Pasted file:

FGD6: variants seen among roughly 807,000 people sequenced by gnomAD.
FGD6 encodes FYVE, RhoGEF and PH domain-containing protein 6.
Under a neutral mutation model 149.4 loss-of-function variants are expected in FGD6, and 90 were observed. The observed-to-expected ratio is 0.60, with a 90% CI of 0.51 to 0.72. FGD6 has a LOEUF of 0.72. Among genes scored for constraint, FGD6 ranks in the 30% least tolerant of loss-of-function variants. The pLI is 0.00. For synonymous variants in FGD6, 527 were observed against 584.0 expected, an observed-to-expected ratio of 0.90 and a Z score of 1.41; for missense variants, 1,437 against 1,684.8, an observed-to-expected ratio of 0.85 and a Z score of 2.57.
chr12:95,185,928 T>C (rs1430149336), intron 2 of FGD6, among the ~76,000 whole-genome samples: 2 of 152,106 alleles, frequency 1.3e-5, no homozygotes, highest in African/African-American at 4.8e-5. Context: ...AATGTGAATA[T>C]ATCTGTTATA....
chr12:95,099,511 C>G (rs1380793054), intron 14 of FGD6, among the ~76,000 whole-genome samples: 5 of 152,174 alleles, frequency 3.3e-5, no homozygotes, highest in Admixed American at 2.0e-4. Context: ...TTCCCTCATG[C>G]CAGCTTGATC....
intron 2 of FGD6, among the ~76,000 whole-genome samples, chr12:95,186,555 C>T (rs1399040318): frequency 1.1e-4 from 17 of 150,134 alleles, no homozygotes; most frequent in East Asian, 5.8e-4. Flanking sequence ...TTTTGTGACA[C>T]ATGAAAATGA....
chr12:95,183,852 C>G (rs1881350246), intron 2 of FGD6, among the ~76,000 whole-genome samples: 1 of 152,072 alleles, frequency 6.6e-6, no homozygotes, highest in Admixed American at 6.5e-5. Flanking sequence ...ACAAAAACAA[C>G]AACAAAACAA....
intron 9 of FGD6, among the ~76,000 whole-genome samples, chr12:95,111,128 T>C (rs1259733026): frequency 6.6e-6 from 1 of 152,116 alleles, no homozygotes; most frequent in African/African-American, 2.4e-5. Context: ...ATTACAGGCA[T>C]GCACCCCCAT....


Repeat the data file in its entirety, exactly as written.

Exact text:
FGD6: variants seen among roughly 807,000 people sequenced by gnomAD.
FGD6 encodes FYVE, RhoGEF and PH domain-containing protein 6.
Under a neutral mutation model 149.4 loss-of-function variants are expected in FGD6, and 90 were observed. The observed-to-expected ratio is 0.60, with a 90% CI of 0.51 to 0.72. FGD6 has a LOEUF of 0.72. Among genes scored for constraint, FGD6 ranks in the 30% least tolerant of loss-of-function variants. The pLI is 0.00. For synonymous variants in FGD6, 527 were observed against 584.0 expected, an observed-to-expected ratio of 0.90 and a Z score of 1.41; for missense variants, 1,437 against 1,684.8, an observed-to-expected ratio of 0.85 and a Z score of 2.57.
chr12:95,185,928 T>C (rs1430149336), intron 2 of FGD6, among the ~76,000 whole-genome samples: 2 of 152,106 alleles, frequency 1.3e-5, no homozygotes, highest in African/African-American at 4.8e-5. Context: ...AATGTGAATA[T>C]ATCTGTTATA....
chr12:95,099,511 C>G (rs1380793054), intron 14 of FGD6, among the ~76,000 whole-genome samples: 5 of 152,174 alleles, frequency 3.3e-5, no homozygotes, highest in Admixed American at 2.0e-4. Context: ...TTCCCTCATG[C>G]CAGCTTGATC....
intron 2 of FGD6, among the ~76,000 whole-genome samples, chr12:95,186,555 C>T (rs1399040318): frequency 1.1e-4 from 17 of 150,134 alleles, no homozygotes; most frequent in East Asian, 5.8e-4. Flanking sequence ...TTTTGTGACA[C>T]ATGAAAATGA....
chr12:95,183,852 C>G (rs1881350246), intron 2 of FGD6, among the ~76,000 whole-genome samples: 1 of 152,072 alleles, frequency 6.6e-6, no homozygotes, highest in Admixed American at 6.5e-5. Flanking sequence ...ACAAAAACAA[C>G]AACAAAACAA....
intron 9 of FGD6, among the ~76,000 whole-genome samples, chr12:95,111,128 T>C (rs1259733026): frequency 6.6e-6 from 1 of 152,116 alleles, no homozygotes; most frequent in African/African-American, 2.4e-5. Context: ...ATTACAGGCA[T>C]GCACCCCCAT....